Lending on the rise again
The mortgage market is starting to recover at last after a difficult few months. Over this period, it became apparent that some first-time buyers were waiting to purchase UK property following an earlier rush of people looking to beat the stamp duty holiday.
In March, the government opted not to extend the two-year exemption for first timers which meant that they avoided having to pay the one per cent levy on the price of a house that they were buying at a price between £125,000 and £250,000. This was reported as leading to a drop in the number of people who were looking to get themselves their first mortgage through March and April.
However, the Council of Mortgage Lenders (CML) has now reported an increase in the number of mortgages again as of May.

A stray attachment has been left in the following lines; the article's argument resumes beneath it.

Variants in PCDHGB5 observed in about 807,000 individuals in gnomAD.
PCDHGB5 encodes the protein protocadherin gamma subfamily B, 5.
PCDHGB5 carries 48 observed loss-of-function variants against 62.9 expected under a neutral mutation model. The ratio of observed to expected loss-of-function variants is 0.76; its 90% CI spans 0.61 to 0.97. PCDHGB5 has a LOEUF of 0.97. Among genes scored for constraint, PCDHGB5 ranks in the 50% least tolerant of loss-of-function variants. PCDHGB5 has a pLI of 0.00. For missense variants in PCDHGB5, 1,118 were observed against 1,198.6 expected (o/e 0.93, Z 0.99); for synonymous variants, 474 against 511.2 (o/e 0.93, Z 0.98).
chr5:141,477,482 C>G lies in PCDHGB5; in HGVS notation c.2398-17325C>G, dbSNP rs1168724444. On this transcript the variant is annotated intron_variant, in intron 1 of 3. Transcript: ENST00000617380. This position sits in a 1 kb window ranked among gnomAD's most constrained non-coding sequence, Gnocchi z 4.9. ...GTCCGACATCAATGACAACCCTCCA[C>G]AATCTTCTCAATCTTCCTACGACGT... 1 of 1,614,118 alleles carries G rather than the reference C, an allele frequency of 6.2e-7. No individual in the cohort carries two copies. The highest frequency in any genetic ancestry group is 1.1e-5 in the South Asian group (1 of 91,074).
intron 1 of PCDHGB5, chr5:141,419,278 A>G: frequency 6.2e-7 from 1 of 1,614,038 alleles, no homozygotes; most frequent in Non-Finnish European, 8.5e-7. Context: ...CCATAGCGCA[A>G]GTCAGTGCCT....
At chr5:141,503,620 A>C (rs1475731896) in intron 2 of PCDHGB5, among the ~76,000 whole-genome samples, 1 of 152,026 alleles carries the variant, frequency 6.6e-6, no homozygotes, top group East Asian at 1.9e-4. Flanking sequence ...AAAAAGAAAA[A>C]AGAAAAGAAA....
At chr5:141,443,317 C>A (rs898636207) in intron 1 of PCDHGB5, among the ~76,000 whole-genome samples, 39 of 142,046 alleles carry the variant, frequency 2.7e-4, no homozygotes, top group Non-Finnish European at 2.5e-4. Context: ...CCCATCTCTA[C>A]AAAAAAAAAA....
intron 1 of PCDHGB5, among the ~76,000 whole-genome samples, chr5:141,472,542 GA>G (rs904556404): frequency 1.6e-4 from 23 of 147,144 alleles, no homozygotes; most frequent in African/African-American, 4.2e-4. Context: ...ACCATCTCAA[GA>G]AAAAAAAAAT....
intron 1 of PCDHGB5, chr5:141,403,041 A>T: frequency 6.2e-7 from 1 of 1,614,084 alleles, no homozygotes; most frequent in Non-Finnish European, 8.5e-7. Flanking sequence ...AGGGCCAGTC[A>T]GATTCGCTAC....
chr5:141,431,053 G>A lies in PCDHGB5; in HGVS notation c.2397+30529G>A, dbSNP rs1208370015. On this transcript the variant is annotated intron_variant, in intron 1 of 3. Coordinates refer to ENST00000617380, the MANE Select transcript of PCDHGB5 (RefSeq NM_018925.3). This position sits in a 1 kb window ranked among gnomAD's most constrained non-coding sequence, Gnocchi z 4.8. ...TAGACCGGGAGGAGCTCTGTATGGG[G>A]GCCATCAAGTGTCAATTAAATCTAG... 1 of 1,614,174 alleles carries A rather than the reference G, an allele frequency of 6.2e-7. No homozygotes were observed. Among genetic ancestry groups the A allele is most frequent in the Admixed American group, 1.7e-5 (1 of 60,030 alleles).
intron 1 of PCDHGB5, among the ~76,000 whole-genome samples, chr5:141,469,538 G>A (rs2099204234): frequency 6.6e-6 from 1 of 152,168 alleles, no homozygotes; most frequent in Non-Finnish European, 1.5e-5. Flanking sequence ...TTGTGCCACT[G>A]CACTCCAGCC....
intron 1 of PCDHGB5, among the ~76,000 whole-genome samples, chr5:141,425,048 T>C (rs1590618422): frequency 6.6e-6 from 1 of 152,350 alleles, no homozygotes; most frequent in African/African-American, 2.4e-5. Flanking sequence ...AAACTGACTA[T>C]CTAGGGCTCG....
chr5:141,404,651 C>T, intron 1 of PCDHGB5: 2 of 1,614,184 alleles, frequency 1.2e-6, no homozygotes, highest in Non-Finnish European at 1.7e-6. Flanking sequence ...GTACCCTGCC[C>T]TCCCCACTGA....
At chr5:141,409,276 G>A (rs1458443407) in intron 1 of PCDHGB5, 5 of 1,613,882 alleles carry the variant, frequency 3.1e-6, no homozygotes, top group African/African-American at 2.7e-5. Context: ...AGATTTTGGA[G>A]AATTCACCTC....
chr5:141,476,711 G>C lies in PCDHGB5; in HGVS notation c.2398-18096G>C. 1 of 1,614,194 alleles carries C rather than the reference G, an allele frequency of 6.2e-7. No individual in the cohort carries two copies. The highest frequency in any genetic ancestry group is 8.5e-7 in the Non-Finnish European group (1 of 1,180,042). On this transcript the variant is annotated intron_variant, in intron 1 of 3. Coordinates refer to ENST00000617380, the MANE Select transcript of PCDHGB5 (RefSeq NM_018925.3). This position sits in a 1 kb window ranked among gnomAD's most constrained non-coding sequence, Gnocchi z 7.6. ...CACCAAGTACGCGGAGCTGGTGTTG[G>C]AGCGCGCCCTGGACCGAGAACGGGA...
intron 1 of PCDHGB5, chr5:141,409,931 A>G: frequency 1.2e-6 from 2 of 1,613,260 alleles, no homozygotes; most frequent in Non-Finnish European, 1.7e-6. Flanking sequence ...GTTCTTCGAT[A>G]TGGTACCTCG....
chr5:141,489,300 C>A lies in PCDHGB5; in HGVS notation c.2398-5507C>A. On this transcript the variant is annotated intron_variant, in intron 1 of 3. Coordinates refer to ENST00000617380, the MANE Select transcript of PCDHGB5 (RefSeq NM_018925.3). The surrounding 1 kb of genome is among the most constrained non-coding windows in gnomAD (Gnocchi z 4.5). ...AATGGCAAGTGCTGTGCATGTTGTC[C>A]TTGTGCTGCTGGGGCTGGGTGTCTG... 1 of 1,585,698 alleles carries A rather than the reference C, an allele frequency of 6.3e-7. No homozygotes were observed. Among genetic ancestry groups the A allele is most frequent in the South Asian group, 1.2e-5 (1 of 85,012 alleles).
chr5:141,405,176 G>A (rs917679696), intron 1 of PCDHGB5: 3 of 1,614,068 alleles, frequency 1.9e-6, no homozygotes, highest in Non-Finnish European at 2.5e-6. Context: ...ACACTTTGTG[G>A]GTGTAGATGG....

During the month, the amount of money loaned to people for the purposes of them purchasing a house rose by some 36 per cent compared to the month prior. It also showed a considerable year-on-year rise, with the figure being 29 per cent higher than it was in May of 2011.
In particular, the first-time buyer market showed a sizeable growth throughout May. The number of loans given to people taken their primary step onto the property ladder rose from 12,700 in April to 18,100 in May.
CML director general Paul Smee said: "It is positive news for the market that the slump following the end of the stamp duty concession seems to have been short-lived. Lending is similar to late 2011 levels and showing a healthy improvement on the same time last year.
First timer loans on their own are now worth some £1.5 billion to the UK economy over the month of May.
"However, the problems in the Eurozone have not gone away. Economic uncertainty could affect both the supply of mortgage lending and consumer confidence and we still anticipate a challenging lending environment for the rest of the year."
Posted at 04:10 13/07/2012